A Friend to Many…. Remembering Janine Lee

A Friend to Many…. Remembering Janine Lee

This blog post was written by Mary L. Thomas, President and CEO of CFLeads.

Janine was a door opener, a problem solver, an encourager, a dear friend… Profound sadness, disbelief, shock, and heartbreak turned to joy, gratitude, and thankfulness for the contributions and the legacy Janine left for the philanthropic field.

As the word began to circulate about the passing of not just a philanthropic leader but a friend, I sat in silence for hours thinking about the changing demographics of philanthropy. What I am sharing in this blog is from my perspective as a black, female leader in philanthropy and does in no way intend to exclude anyone but sheds light and insight on the way Janine’s influence shaped philanthropy as we see it today.

When I entered the field in 1998, there were only a handful of black professionals leading in philanthropy in the American South. I recall attending my first Annual Meeting of the Southeastern Council of Foundations (SECF), now known as Philanthropy Southeast, and I said to myself, “this is a different scene.” There were about a dozen black people at the entire conference and maybe one or two CEOs of color.

Fast forward 13 years, and things were about to change. Welcome Janine Lee, poised, capable and able– she understood the assignment. I was a board member at SECF when we hired her. On day one, she showed up ready. She showed up prepared. She stepped into a role as the first African American President of the largest philanthropy-serving organization in the South, Philanthropy Southeast. She made her presence known simply by her “presence.” She wasn’t loud, she was prepared. She wasn’t afraid, she was competent. She moved about with grace and class. Outwardly, it was seen as effortless, but we (those of us who know the struggle and the weight of being a leader of color in a field that still struggles with racial equity) know that it wasn’t always easy.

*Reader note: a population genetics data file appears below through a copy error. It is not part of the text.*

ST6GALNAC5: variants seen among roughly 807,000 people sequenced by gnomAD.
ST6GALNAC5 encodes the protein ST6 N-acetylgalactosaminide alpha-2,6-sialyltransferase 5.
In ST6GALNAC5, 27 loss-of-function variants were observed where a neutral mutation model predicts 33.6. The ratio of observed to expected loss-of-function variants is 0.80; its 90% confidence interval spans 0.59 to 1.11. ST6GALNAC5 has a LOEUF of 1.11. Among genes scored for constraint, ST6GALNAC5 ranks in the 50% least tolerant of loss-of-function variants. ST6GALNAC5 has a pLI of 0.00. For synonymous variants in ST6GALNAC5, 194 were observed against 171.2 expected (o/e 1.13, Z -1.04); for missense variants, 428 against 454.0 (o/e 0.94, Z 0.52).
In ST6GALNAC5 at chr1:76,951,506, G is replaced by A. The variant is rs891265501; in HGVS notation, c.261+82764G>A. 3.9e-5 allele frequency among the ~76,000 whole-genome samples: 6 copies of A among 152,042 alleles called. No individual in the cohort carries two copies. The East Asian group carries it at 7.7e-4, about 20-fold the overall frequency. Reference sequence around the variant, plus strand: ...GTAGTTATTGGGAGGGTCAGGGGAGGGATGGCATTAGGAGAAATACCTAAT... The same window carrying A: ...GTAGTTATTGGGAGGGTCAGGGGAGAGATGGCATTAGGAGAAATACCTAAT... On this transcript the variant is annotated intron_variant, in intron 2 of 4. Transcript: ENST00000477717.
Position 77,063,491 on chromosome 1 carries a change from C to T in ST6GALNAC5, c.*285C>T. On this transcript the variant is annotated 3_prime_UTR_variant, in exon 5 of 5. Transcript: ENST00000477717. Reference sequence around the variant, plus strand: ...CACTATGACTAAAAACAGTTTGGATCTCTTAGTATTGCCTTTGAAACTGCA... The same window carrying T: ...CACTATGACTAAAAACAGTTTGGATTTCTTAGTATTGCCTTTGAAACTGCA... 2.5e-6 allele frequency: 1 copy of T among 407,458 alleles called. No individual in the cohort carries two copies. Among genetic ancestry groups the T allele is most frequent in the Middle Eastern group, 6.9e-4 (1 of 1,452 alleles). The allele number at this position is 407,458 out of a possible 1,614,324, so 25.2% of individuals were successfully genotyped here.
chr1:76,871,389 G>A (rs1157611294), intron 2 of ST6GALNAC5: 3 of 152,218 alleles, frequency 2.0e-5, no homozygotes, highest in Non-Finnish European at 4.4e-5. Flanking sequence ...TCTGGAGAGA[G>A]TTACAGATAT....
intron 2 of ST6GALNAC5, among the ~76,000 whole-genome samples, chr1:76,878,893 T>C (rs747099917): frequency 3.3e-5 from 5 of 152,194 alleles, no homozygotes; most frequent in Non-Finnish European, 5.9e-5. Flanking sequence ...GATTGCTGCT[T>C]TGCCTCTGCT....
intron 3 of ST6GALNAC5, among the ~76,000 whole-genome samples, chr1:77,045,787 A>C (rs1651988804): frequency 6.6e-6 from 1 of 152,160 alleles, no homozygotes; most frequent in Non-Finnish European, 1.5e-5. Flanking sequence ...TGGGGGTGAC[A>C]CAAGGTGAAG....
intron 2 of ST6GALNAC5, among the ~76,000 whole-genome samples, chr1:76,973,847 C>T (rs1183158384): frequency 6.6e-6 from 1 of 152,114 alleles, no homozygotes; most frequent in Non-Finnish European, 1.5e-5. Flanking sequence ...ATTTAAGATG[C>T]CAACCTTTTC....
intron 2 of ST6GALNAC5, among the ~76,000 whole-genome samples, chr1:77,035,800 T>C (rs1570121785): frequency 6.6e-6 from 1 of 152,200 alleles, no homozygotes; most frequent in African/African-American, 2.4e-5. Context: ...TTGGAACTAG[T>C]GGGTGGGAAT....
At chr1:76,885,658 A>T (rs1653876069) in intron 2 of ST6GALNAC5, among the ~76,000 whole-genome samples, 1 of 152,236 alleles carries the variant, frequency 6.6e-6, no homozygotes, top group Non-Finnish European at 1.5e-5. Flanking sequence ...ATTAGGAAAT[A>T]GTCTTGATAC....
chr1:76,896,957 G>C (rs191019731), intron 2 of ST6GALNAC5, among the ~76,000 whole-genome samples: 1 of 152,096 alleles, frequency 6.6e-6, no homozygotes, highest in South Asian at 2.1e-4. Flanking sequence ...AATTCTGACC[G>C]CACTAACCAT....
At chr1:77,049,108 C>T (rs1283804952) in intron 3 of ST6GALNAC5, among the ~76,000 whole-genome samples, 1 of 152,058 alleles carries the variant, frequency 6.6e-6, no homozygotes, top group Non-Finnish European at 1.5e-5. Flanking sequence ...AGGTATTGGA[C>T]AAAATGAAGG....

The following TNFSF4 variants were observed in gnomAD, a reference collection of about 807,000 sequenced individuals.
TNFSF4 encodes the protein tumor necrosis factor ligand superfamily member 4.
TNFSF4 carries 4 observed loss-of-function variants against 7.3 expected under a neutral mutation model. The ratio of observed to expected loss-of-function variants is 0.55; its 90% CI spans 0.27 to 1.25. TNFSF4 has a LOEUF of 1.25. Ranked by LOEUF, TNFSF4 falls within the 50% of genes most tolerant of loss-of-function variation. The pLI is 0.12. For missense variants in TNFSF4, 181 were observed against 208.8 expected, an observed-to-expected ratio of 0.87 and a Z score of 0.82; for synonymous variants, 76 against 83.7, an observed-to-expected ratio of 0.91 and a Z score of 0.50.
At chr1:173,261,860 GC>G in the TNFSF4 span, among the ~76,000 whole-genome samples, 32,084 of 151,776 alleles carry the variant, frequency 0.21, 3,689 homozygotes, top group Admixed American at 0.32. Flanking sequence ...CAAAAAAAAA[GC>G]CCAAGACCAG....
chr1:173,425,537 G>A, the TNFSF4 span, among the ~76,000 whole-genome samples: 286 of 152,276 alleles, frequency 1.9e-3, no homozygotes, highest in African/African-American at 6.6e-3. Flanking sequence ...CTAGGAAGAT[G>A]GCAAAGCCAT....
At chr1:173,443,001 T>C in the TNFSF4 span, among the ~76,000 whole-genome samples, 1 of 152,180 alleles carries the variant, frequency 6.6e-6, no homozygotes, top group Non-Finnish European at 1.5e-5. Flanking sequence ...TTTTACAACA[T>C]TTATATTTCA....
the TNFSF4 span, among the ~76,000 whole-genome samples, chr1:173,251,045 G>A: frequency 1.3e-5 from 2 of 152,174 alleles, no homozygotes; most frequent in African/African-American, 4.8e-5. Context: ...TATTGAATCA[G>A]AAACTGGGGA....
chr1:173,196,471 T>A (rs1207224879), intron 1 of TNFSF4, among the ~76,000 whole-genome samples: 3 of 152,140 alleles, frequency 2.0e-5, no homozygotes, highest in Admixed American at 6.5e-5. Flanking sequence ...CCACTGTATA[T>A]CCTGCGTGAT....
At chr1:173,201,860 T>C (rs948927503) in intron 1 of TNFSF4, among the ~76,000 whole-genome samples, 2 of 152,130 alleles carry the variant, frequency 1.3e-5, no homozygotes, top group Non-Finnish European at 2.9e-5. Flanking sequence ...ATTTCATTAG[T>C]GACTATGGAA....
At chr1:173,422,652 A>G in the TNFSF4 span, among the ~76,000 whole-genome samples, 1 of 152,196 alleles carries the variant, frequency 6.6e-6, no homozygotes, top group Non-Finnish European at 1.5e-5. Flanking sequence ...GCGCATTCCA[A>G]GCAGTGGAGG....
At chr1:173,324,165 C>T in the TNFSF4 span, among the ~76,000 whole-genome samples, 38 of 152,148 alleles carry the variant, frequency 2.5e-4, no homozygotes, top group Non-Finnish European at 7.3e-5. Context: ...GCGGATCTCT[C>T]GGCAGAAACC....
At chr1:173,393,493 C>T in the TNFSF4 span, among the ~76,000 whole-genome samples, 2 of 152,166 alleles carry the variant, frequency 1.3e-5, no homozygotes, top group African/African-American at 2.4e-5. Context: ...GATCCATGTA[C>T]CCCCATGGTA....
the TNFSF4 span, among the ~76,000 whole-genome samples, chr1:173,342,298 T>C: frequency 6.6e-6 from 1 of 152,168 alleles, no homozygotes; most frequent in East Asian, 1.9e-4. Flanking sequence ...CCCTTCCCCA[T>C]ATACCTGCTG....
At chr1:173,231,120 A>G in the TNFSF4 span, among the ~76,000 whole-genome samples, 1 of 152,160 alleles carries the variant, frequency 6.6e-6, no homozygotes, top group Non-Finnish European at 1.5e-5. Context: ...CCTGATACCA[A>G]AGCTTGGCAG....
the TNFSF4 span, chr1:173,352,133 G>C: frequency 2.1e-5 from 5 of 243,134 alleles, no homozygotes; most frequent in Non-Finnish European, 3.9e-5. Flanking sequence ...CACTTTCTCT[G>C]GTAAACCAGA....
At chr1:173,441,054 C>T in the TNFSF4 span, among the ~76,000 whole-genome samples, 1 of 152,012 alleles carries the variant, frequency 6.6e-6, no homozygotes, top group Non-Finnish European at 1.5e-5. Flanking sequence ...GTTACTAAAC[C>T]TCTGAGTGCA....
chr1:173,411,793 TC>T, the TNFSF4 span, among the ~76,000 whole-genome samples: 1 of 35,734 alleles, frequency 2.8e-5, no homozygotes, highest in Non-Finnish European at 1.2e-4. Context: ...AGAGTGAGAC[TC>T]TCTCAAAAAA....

We watched her transformative work. From overseeing an organizational name change to tackling tough issues such as racial equity and justice, diversifying board rooms, to opening doors for others and empowering them to lead, Janine changed the trajectory of philanthropy in the South as we know it. By advocating for more people of color on boards, and in C-suite positions, by tackling thorny issues in non-threatening ways, she consistently spoke the truth and handled each situation with silk gloves and grace. Janine met people where they were on their journey. She created space and provided encouragement for professionals who looked like her and others, urging all of us to hold on and remain steady in our pursuits.

As I think about Janine’s legacy, thoughts flood my mind about many of us who looked to her as a mentor, an advocate, and an encourager. She did this quietly and we learned from her. We sat in seats that were not always comfortable. We were overlooked, we carried heavy burdens, and we had huge responsibilities. We were expected to have all the answers to problems of blackness, and we approached it with grace, class, and style. Was it easy? No. Was it necessary? Absolutely! Why? Because, like Janine, we knew the assignment.

As we watched Janine work, we found inspiration to go just a little further. Her smile always said, “You can make it, you got this.” She offered lessons and shared her wisdom of what it takes to do this heavy work and whether she was on her scooter or standing tall, in her own quiet, classy way, she spoke truth to power without flinching. As Stephanie Cooper Lewter said, “Janine was a light in every room she was in.”

My last encounter with Janine was just this past January in Atlanta at Philanthropy Southeast Black Women in Philanthropy Retreat. There she was: smiling, beautiful, holding on and encouraging black women in philanthropy to stay the course, prepare for battle, reclaim their right to rest and shine! So much joy she shared with all who came in her presence. Many of us waited in line to snap just one more picture. Somehow, as if we knew, this last encounter was very special. And I am so grateful for those moments.

Janine, thank you for paving the way. Thank you for being one of my strongest supporters in the role I have the privilege to hold as President and CEO of CFLeads. You believed I had what it took to lead, and I have basked in your unwavering support and encouragement every step of the way. Janine, I’m going to make you proud.

We, your fellow sisters in philanthropy will carry on and continue your legacy. I’m sure there will be countless tributes, but at this moment in time, I offer mine to a lady who cared enough to accept the assignment and the results of her labor are everywhere. We are forever changed because you bravely took upon yourself the mantle to open the door wide for others to walk in. As one of my board members said just this morning, Felecia Lucky, President of the Black Belt Community Foundation, “Janine was a mountain of a woman.” Take your rest, dear friend.

With love and gratitude,

Mary L. Thomas
President & CEO, CFLeads